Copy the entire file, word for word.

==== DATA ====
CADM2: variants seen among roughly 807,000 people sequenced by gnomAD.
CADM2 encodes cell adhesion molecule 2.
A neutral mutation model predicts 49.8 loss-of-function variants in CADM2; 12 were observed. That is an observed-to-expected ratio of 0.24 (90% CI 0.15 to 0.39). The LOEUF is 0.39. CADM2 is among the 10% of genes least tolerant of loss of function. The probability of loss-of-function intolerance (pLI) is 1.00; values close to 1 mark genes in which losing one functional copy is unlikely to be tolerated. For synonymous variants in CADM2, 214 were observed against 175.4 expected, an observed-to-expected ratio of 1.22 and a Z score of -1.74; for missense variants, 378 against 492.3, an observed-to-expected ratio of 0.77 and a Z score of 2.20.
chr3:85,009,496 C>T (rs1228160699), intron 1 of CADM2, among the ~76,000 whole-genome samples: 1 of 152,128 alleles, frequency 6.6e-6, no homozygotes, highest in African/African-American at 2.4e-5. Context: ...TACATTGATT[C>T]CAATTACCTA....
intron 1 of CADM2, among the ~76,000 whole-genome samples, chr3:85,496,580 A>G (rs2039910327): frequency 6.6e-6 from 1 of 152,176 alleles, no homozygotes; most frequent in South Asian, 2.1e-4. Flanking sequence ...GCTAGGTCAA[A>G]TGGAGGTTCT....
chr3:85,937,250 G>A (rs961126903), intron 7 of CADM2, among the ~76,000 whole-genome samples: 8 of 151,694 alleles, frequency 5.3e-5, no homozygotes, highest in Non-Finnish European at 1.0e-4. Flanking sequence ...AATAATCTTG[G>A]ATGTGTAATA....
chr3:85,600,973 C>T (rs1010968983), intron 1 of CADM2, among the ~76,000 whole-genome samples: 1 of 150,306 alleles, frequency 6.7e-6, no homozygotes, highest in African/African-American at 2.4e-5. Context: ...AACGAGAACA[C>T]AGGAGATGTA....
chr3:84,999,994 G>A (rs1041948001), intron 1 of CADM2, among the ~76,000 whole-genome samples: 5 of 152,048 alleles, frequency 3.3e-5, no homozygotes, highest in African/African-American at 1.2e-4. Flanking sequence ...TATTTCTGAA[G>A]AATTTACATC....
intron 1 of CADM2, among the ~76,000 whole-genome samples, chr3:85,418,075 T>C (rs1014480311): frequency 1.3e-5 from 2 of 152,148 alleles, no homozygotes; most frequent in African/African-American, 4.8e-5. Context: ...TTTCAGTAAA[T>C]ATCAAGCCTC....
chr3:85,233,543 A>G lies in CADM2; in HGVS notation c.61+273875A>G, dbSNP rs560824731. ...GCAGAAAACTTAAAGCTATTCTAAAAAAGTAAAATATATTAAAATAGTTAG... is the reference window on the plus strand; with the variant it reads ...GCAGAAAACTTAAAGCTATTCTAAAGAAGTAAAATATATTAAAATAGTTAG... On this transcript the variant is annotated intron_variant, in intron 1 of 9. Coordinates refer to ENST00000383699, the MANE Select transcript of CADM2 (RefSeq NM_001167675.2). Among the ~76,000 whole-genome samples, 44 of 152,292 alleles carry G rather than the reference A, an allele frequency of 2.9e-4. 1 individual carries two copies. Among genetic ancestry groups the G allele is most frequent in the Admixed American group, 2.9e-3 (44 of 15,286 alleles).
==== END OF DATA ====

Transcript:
CADM2: variants seen among roughly 807,000 people sequenced by gnomAD.
CADM2 encodes cell adhesion molecule 2.
A neutral mutation model predicts 49.8 loss-of-function variants in CADM2; 12 were observed. That is an observed-to-expected ratio of 0.24 (90% CI 0.15 to 0.39). The LOEUF is 0.39. CADM2 is among the 10% of genes least tolerant of loss of function. The probability of loss-of-function intolerance (pLI) is 1.00; values close to 1 mark genes in which losing one functional copy is unlikely to be tolerated. For synonymous variants in CADM2, 214 were observed against 175.4 expected, an observed-to-expected ratio of 1.22 and a Z score of -1.74; for missense variants, 378 against 492.3, an observed-to-expected ratio of 0.77 and a Z score of 2.20.
chr3:85,009,496 C>T (rs1228160699), intron 1 of CADM2, among the ~76,000 whole-genome samples: 1 of 152,128 alleles, frequency 6.6e-6, no homozygotes, highest in African/African-American at 2.4e-5. Context: ...TACATTGATT[C>T]CAATTACCTA....
intron 1 of CADM2, among the ~76,000 whole-genome samples, chr3:85,496,580 A>G (rs2039910327): frequency 6.6e-6 from 1 of 152,176 alleles, no homozygotes; most frequent in South Asian, 2.1e-4. Flanking sequence ...GCTAGGTCAA[A>G]TGGAGGTTCT....
chr3:85,937,250 G>A (rs961126903), intron 7 of CADM2, among the ~76,000 whole-genome samples: 8 of 151,694 alleles, frequency 5.3e-5, no homozygotes, highest in Non-Finnish European at 1.0e-4. Flanking sequence ...AATAATCTTG[G>A]ATGTGTAATA....
chr3:85,600,973 C>T (rs1010968983), intron 1 of CADM2, among the ~76,000 whole-genome samples: 1 of 150,306 alleles, frequency 6.7e-6, no homozygotes, highest in African/African-American at 2.4e-5. Context: ...AACGAGAACA[C>T]AGGAGATGTA....
chr3:84,999,994 G>A (rs1041948001), intron 1 of CADM2, among the ~76,000 whole-genome samples: 5 of 152,048 alleles, frequency 3.3e-5, no homozygotes, highest in African/African-American at 1.2e-4. Flanking sequence ...TATTTCTGAA[G>A]AATTTACATC....
intron 1 of CADM2, among the ~76,000 whole-genome samples, chr3:85,418,075 T>C (rs1014480311): frequency 1.3e-5 from 2 of 152,148 alleles, no homozygotes; most frequent in African/African-American, 4.8e-5. Context: ...TTTCAGTAAA[T>C]ATCAAGCCTC....
chr3:85,233,543 A>G lies in CADM2; in HGVS notation c.61+273875A>G, dbSNP rs560824731. ...GCAGAAAACTTAAAGCTATTCTAAAAAAGTAAAATATATTAAAATAGTTAG... is the reference window on the plus strand; with the variant it reads ...GCAGAAAACTTAAAGCTATTCTAAAGAAGTAAAATATATTAAAATAGTTAG... On this transcript the variant is annotated intron_variant, in intron 1 of 9. Coordinates refer to ENST00000383699, the MANE Select transcript of CADM2 (RefSeq NM_001167675.2). Among the ~76,000 whole-genome samples, 44 of 152,292 alleles carry G rather than the reference A, an allele frequency of 2.9e-4. 1 individual carries two copies. Among genetic ancestry groups the G allele is most frequent in the Admixed American group, 2.9e-3 (44 of 15,286 alleles).